Jesus introduced us to a vision of God that is breathtaking. The God He introduces us to, is not alone. This God is a relationship of Father, Son and Spirit; a Lover, a Beloved, and the Spirit of truth in a bond of love between them.
The Fatherhood of God is not, in the first instance, a generic fatherhood of all creation, but a specific Fatherhood of the uniquely begotten Son, Jesus Christ. The Father we come to know through Jesus, is not a cosmic patriarchal figure, but the Father of Jesus. It is only in coming to know the Father of Jesus, that we come to know this Father as our Father.
Neither is the sonship he reveals a generic sonship to begin with, but the very specific sonship of Jesus, the Beloved of the Father. It is only in knowing the Sonship of Jesus, that we come to discover our inclusion in that Sonship.
The Spirit, Whom Jesus asks the Father to send, and Whom the Father sends, is not any spirit. She is the Spirit that proceeds from the Father of this Son.
Union and Distinction
Jesus reveals that God is a dynamic relationship of love. God is Father, Son and Spirit and has always existed in this form. It is in this relationship of union, of these distinct persons, that God is One. God is One, not One-and-the-same, but rather, One-and-distinct.
Jesus reveals the God of love … but love cannot exist in isolation. If God was One-and-the-same, a singularity, then He could not be love. Distinction is what makes love possible. The Father, Son and Spirit fully partake in one another’s beings, yet they are not dissolved into a monotheistic God, their tri-identity remains.
Love within God.
Love is the one essential quality that makes God, God. To love is God’s freedom. To love is God’s justice. To love in new and surprising ways, is God’s creativity.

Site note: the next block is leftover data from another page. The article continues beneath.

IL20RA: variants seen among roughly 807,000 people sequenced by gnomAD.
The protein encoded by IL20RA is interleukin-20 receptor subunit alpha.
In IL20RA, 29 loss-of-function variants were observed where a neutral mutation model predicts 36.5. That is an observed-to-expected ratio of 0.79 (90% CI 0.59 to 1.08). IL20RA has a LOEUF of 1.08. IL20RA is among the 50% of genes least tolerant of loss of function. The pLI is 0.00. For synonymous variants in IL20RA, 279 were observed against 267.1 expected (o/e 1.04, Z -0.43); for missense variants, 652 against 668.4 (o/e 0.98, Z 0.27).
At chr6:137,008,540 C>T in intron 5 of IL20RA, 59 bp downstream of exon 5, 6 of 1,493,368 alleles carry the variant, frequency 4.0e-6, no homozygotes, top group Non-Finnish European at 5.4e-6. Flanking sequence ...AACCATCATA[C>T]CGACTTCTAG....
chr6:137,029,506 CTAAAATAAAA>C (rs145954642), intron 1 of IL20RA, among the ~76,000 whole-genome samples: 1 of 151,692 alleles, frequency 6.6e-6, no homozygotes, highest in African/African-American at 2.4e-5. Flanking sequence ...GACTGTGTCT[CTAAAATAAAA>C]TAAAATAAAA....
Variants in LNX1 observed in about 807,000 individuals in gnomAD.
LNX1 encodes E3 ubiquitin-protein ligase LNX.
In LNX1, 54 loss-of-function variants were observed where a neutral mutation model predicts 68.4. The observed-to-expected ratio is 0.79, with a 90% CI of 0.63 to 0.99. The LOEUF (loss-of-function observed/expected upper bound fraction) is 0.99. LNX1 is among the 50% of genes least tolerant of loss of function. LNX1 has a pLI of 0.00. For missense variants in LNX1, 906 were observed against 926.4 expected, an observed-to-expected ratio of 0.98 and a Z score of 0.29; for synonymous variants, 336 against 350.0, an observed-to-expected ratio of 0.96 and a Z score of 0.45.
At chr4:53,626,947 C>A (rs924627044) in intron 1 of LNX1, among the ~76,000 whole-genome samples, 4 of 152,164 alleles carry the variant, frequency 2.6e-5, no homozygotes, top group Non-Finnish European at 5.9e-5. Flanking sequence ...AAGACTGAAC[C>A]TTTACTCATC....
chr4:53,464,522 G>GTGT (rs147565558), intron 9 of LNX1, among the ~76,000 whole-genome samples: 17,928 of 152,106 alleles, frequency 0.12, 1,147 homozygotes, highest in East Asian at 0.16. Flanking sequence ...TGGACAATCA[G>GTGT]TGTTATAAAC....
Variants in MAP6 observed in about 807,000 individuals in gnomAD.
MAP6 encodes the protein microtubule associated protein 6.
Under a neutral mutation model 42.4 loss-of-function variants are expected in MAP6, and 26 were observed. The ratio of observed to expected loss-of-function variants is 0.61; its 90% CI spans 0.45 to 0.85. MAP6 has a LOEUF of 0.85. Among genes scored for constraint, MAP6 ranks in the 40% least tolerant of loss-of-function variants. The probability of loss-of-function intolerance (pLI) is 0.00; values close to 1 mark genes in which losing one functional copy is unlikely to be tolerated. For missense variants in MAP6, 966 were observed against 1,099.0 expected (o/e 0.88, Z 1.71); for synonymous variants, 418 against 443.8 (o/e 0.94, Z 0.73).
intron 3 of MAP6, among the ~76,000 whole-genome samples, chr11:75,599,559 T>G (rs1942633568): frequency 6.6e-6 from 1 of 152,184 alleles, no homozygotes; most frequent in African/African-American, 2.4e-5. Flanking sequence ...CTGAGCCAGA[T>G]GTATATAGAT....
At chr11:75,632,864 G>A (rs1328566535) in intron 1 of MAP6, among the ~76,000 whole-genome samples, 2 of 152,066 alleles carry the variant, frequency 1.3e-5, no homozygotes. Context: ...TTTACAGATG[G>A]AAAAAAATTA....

This is why you are here! The love within the Godhead is the love of ‘like’ for ‘like’ within Himself. In God’s freedom, He wanted to extend this love to ‘likeness’ within ‘another’. “And Elohim said: Let us make man in our image and likeness”.
In creation, God expressed Himself beyond Himself. So although creation is intimately upheld and sustained by Him, it is ‘other’ from Him. Creation and the Creator are not one and the same. Creation is distinct for the Creator. This does not mean that He is removed, uninvolved or not present in creation. On the contrary, Jesus reveals a God Who is here, Who is more intimately involved than what we ever imagined, more present than what we are aware of. Yet, He remains distinct … and it is this very distinction that makes romance possible.
In creation and specifically in man, the love of God finds opportunity to flow beyond the Godhead. It has freedom to be expressed to another … even towards the extreme ‘other’: towards enemies.
(This articles follows on from Part 1 … read more)